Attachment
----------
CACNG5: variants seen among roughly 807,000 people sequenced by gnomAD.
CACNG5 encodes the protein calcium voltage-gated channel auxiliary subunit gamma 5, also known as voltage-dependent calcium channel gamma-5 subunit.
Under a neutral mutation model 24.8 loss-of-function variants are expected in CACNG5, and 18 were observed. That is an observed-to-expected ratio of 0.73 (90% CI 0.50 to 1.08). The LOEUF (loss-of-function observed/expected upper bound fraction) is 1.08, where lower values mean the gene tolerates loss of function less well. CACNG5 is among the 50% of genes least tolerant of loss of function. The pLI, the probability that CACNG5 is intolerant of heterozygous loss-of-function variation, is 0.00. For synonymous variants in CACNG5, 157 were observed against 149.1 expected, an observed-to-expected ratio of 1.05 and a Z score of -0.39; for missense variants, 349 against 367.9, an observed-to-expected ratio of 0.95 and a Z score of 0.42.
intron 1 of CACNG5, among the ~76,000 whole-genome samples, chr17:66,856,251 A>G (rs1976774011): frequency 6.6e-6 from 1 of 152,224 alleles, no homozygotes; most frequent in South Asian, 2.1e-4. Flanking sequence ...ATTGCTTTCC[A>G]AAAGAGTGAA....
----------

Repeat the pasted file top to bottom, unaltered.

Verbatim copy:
CACNG5: variants seen among roughly 807,000 people sequenced by gnomAD.
CACNG5 encodes the protein calcium voltage-gated channel auxiliary subunit gamma 5, also known as voltage-dependent calcium channel gamma-5 subunit.
Under a neutral mutation model 24.8 loss-of-function variants are expected in CACNG5, and 18 were observed. That is an observed-to-expected ratio of 0.73 (90% CI 0.50 to 1.08). The LOEUF (loss-of-function observed/expected upper bound fraction) is 1.08, where lower values mean the gene tolerates loss of function less well. CACNG5 is among the 50% of genes least tolerant of loss of function. The pLI, the probability that CACNG5 is intolerant of heterozygous loss-of-function variation, is 0.00. For synonymous variants in CACNG5, 157 were observed against 149.1 expected, an observed-to-expected ratio of 1.05 and a Z score of -0.39; for missense variants, 349 against 367.9, an observed-to-expected ratio of 0.95 and a Z score of 0.42.
intron 1 of CACNG5, among the ~76,000 whole-genome samples, chr17:66,856,251 A>G (rs1976774011): frequency 6.6e-6 from 1 of 152,224 alleles, no homozygotes; most frequent in South Asian, 2.1e-4. Flanking sequence ...ATTGCTTTCC[A>G]AAAGAGTGAA....